#096: The Great Famine of Ireland and Phytophthora infestans
In celebration of Independence Day, I have decided to discuss a fungus-related event which significantly impacted the history of the United States (Don’t worry; I will get to the remaining mushroom toxins in the next few weeks). America is a country of immigrants, so on the day that we celebrate the founding of our country, it only seems fitting that we take a moment to remember how immigration has shaped our history.
The Great Famine of Ireland (known to most people in the United States as the Irish Potato Famine) was caused by a unique convergence of biological, economic, political, and societal factors. The results of the famine were dramatic: the Irish population dropped from over 8 million to under 6 million and has not yet recovered to pre-famine levels. An estimated 1 million people died as a result of the famine (either from starvation or disease) and roughly 2 million people emigrated, with most heading to United States. The consequences of the Great Famine of Ireland helped shape and are continuing to shape British/Irish history as well as American history.
As you probably know, the Great Famine of Ireland was caused by the loss of nearly the entire Irish potato crop. Potatoes were originally cultivated in South America’s Andes by the Incas. The potato was first introduced to Europe by the Spanish sometime in the late 1500’s. Since it belongs to the nightshade family (which also includes tomatoes), Europeans assumed the potato was poisonous. They were mostly right, as all parts of the potato except the tubers are toxic to humans. In the 1700’s, it was finally realized that the potato was edible. Potatoes contain carbohydrates, protein, and vitamin C. When combined with the calcium and vitamin A from milk, they can provide almost all of a person’s nutritional requirements. Potatoes grow easily in the Irish climate, which, together with their nutritional value, made them the perfect staple crop for poor Irish farmers. By 1800, about 90% of the Irish population relied on potatoes for the bulk of their diet. For an adult of the time, this meant eating at least 6.5 lbs of potatoes a day.
The Irish potato crop was composed entirely of a variety known as the “lumper.” Clippings of potato plants can easily be used to start new plants, and this method was used to spread the potato across Ireland. Unfortunately, this “vegetative propagation” results in plants that are genetically identical to one another. Plants in such a “monoculture” are all susceptible to the same diseases, which makes it extremely easy for a pathogen to infect every single plant.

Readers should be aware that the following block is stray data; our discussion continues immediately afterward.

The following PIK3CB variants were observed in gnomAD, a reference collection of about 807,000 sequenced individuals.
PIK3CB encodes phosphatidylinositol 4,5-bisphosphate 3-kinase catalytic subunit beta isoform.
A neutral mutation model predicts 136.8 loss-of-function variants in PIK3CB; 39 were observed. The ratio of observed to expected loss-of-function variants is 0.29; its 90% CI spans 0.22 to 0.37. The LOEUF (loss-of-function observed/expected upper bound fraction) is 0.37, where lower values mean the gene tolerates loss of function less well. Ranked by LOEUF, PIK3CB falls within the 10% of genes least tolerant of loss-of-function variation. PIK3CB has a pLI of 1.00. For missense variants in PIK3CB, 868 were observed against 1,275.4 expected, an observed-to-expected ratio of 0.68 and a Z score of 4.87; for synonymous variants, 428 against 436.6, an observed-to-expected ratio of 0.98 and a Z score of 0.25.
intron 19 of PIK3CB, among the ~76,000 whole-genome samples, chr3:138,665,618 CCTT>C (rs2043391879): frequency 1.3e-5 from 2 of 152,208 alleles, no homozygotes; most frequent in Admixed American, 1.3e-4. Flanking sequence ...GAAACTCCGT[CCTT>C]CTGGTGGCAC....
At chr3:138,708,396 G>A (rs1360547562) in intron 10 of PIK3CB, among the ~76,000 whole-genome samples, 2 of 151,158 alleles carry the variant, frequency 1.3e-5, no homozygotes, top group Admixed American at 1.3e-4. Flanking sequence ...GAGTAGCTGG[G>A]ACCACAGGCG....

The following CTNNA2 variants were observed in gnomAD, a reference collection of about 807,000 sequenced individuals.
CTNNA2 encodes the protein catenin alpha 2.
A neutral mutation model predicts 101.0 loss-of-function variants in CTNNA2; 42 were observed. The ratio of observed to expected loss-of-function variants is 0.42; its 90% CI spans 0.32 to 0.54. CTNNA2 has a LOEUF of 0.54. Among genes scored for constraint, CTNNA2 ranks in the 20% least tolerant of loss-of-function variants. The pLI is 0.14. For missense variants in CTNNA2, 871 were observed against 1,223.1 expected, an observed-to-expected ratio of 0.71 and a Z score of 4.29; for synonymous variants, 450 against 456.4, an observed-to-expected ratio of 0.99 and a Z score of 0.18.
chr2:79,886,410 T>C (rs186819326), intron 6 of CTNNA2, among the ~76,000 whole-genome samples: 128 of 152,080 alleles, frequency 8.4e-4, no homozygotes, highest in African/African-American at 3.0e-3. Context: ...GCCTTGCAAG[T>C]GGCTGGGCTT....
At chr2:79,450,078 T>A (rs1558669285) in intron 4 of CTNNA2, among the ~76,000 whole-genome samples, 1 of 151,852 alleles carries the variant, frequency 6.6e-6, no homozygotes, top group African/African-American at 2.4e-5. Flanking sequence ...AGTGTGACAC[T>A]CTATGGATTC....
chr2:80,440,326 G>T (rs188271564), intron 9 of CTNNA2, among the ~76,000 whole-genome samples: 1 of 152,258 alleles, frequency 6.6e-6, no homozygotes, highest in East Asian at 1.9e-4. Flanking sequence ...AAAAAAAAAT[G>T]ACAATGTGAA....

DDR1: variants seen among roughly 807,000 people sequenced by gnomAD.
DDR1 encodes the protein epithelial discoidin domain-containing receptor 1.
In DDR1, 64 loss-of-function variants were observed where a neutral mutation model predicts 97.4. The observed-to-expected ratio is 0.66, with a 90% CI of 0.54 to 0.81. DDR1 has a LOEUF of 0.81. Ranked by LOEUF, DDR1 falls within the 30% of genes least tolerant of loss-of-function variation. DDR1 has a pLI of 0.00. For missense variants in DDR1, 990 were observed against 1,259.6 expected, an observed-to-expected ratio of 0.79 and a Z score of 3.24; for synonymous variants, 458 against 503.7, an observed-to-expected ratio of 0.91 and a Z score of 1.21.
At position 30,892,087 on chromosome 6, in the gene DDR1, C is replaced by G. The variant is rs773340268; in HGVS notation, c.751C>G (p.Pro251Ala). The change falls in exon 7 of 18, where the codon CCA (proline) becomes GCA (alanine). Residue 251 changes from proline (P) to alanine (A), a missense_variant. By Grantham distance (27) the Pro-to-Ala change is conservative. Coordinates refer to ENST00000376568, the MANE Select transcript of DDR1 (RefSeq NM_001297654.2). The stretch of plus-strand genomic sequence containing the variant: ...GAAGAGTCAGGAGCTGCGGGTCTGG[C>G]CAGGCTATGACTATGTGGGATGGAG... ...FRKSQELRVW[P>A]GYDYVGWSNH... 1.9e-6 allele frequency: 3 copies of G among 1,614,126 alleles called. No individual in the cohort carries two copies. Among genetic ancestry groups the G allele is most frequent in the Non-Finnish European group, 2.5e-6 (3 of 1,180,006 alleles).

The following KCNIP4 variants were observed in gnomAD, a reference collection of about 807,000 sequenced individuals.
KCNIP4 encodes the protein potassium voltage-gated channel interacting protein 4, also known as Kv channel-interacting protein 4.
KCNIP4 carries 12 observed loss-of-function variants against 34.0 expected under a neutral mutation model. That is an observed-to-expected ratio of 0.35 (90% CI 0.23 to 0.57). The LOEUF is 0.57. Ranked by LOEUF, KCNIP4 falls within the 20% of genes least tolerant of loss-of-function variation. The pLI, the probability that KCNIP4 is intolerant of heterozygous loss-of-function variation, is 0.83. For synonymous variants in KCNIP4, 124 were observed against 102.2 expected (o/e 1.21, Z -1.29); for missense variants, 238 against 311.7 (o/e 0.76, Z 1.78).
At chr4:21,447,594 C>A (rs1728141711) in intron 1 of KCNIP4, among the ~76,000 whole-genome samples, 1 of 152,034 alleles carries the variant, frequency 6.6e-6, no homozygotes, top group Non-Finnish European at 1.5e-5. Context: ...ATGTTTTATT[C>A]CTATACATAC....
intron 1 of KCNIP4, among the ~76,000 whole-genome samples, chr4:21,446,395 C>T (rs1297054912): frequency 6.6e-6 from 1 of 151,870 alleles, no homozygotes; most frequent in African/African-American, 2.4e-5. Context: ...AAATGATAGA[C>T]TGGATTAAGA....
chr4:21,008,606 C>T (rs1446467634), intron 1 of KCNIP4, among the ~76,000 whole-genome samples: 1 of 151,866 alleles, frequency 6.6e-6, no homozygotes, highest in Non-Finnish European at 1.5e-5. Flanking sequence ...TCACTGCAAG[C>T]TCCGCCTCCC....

The disease responsible for wiping out the Irish potato crop in the mid 1840’s is now known as Late Blight. Late Blight is caused by the oomycete Phytophthora infestans. The class Oomycota is currently placed in the kingdom Straminopila, which also includes a variety of algae, such as giant kelp. Prior to this, the Oomycota were included in the Fungi. Their modes of growth and reproduction are very similar to those of fungi and, as a consequence, they are still studied by mycologists. Like the other oomycetes, P. infestans has flagellated zoospores, which can swim through water. Because these spores get to new hosts by swimming, the pathogen does better in years with lots of rain. An abundance of water in the soil means the spores can easily find new hosts.
At the time of the Great Famine of Ireland, the island was under the control of the British Empire. The land of Ireland had been given over to British landowners, who leased small lots of land to the Irish. Ireland also experienced a population boom in the early 1800’s, which meant that the lots of land were subdivided further. In order to pay for the use of the land, the Irish had to sell most of their crops to the British. With all their grain being exported, the Irish were left to eat nothing but potatoes.
No one knows exactly when Late Blight first showed up in Europe. It was probably brought over with a batch of potatoes from the Americas, where the disease evolved alongside its host. In the early 1800’s, there were a number of localized outbreaks of Late Blight in Ireland and elsewhere. Late Blight caused regional food shortages, but did not seem to be a widespread problem.
In 1845, however, the entire island experienced unusually wet weather. When September rolled around, the rapidly-spreading disease could be found in roughly 40% of the Irish potato crops. First, the stems turned black, seemingly all at once. By the next day, the leaves of infected plants had also died and started rotting. The edible tubers did not rot as quickly, but they did eventually turn to black goo. The tubers that survived were picked early, so many of them rotted before the end of winter. With a loss of 40% of their potatoes, many Irish were forced to eat their seed potatoes.
Another cool, wet period happened in July of 1846. With all the spores lying around from the previous year’s outbreak, nearly 100% of the potato crop failed. In 1847, there were very few seed potatoes available and farmers were afraid to plant any, lest their crops all died again. Livestock were also fed potatoes, so many of the pigs and cows died. This was bad news for the Irish, who needed milk from cows to fulfill their dietary needs. The blight did not return for the next four years, but the damage to the Irish food supply had already been done and famine conditions persisted.